Parents share horrifying pics and stories after realizing their kids' sippy cups are really mold traps.

Parents share horrifying pics and stories after realizing their kids' sippy cups are really mold traps.

Hey moms, stop what you are all doing and put those sippy cups down. Photos showing gross, moldy sippy cups have spread like wildfire on Facebook. Parents are pissed and they are pointing the blame at one specific baby products manufacturer: Tommee Tippee.

This is one of the less-awful-looking photos.

It all started when Marie-Pier S. L’Hostie from Montreal shared an image of her friend Simon O’kanada's Tommee Tippee cup. According to Buzzfeed, O’kanada wondered why his son "was getting sick," and so he decided to crack open the security valve of the sippy cup (later realizing that this was the only way you can find the hidden mold). Here's what he saw:


Concerned parents soon filled the comments section with their own photos showing mold they had found in their children’s sippy cups.

Moreover, O’kanada’s friend Penny Powell had also posted a bunch of nasty sippy cup photos. She wrote (translated): “Those of you with these cups pay special attention, he has washed it with his hands and in the dishwasher, etc., and the mildew has stayed anyway! Share it!”


Partage de .Marie-Pier S. L'Hostie. Mon ami Simon. O'kanada se demandait pourquoi son fils était toujours malade il a...

Posted by Penny Powell on Friday, February 19, 2016

Though these photos have recently gone viral, many complaints of moldy sippy cups have been found since as early as last year. This Facebook post from September 2015 shows icky, icky mold living inside a Tommee Tippee security valve:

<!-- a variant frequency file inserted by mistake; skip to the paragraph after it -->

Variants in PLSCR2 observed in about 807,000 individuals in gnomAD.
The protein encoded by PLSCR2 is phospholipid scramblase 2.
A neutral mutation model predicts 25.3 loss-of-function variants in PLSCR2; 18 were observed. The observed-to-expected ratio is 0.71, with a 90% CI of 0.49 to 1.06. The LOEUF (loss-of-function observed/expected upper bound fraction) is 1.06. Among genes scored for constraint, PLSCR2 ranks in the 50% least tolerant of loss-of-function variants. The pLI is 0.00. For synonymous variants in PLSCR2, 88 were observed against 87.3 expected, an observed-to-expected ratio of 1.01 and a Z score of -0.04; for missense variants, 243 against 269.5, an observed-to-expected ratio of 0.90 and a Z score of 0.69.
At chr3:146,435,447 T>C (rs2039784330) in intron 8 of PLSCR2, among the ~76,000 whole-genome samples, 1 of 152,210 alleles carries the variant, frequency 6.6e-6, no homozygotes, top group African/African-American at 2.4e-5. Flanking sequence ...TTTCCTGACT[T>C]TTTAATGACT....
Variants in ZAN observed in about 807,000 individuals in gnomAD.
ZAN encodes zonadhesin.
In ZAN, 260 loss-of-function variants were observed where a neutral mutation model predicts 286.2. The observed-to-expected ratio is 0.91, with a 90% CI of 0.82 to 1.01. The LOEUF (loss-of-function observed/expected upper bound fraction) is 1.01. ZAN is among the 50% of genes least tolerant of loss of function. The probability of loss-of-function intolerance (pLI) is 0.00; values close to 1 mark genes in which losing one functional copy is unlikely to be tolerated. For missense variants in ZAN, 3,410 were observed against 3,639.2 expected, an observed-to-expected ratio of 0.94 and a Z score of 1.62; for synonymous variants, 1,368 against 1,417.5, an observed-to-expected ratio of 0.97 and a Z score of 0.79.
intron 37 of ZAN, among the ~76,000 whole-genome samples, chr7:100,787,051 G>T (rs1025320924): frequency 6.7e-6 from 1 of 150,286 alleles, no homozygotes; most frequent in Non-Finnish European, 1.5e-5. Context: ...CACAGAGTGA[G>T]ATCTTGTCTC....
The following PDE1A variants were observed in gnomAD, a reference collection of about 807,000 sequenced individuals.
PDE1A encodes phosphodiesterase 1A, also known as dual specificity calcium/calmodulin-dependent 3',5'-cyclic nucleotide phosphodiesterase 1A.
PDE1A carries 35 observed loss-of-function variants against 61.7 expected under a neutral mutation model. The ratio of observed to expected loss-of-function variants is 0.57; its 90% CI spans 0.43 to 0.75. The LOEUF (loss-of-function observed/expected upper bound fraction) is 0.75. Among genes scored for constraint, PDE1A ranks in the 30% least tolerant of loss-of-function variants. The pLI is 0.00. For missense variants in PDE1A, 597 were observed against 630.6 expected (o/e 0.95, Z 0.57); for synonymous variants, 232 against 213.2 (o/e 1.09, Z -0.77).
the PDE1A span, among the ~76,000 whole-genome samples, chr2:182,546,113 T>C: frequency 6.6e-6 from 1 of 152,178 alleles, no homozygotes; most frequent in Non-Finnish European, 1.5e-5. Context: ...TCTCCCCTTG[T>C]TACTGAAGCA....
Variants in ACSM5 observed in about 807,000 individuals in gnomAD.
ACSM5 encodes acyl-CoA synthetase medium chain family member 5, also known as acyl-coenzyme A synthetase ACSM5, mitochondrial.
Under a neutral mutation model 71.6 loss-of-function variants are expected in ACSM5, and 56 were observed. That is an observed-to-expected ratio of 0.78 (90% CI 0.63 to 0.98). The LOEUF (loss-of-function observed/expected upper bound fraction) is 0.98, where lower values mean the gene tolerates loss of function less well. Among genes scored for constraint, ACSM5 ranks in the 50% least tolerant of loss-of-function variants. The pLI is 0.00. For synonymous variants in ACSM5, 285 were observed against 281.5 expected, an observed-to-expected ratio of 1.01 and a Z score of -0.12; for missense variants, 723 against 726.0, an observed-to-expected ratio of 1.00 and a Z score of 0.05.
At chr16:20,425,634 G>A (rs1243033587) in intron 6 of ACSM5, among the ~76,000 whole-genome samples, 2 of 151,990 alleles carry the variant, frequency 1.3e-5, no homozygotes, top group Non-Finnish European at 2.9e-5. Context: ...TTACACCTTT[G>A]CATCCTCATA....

Posted by Britney Leajé Quinones on Wednesday, September 23, 2015

Britney Quinones, who shared the post, even offered her own advice on how to properly clean the darn things: "I washed me (sic) thoroughly and always soak all his bottles with vinegar. This little stopper, you can't open it whatsoever, and there is no way for the water to fully drain and air out. The spout also had mold inside of it, I cleaned it with toothpicks...."


Hundreds of customers have expressed their anger on the Tommee Tippee North America Facebook page about the mold, and the company responded with this very long statement:

We always welcome parents’ feedback, comments and ideas. We continually develop our products and look for ways to improve them, so feedback from parents is vital to us. Positive feedback tells us we’re doing the right thing, but just as importantly, like all companies, we learn even more when negative experiences are brought to our attention.

We’ve sold millions of Sippee cups and have had some very positive feedback. However, we know from visitor posts that a few people have not had a good experience with the valve part of the cup. For this we sincerely apologise and we are actively following up on any concerns raised.

We understand that the wellbeing of little ones is paramount and we can reassure all parents that we have extensively tested the valves. We have also been testing them with a panel of 140 mums in the United States.

The results support that when used with recommended liquids (cold, light fluids including water and non-pulp juices) and cleaned in line with instructions, there are no problems. Difficulties have arisen though when liquids that are not recommended for use in the cups have been used, like thick formula milk, pulpy juice and warm liquids. We also recommend that cups are not left for long periods before being cleaned.

However, we do understand that there may be other factors that are difficult to replicate in our testing, so our Careline team would like to speak directly to any parents who are experiencing problems. This will allow us to hear their views, and replace the cup with an alternative of their choice. The number to call is 0 800 10 07 25.

We’ve also prepared a page on our website to help parents care for their cups and valves.


According to WGNTV, a company representative had said that "the mold is likely caused by non-recommended liquids in the cups." Further down the statement, the company intends to make a transparent valve so parents can see if there is anything ugly building up inside. 

On the other hand, one shameless man had pointed the blame on parents and not the company for the cause of mold build-up:

OK, thanks for that Brian, mind sharing your method of how to efficiently clean these sippy cups from moldy hell?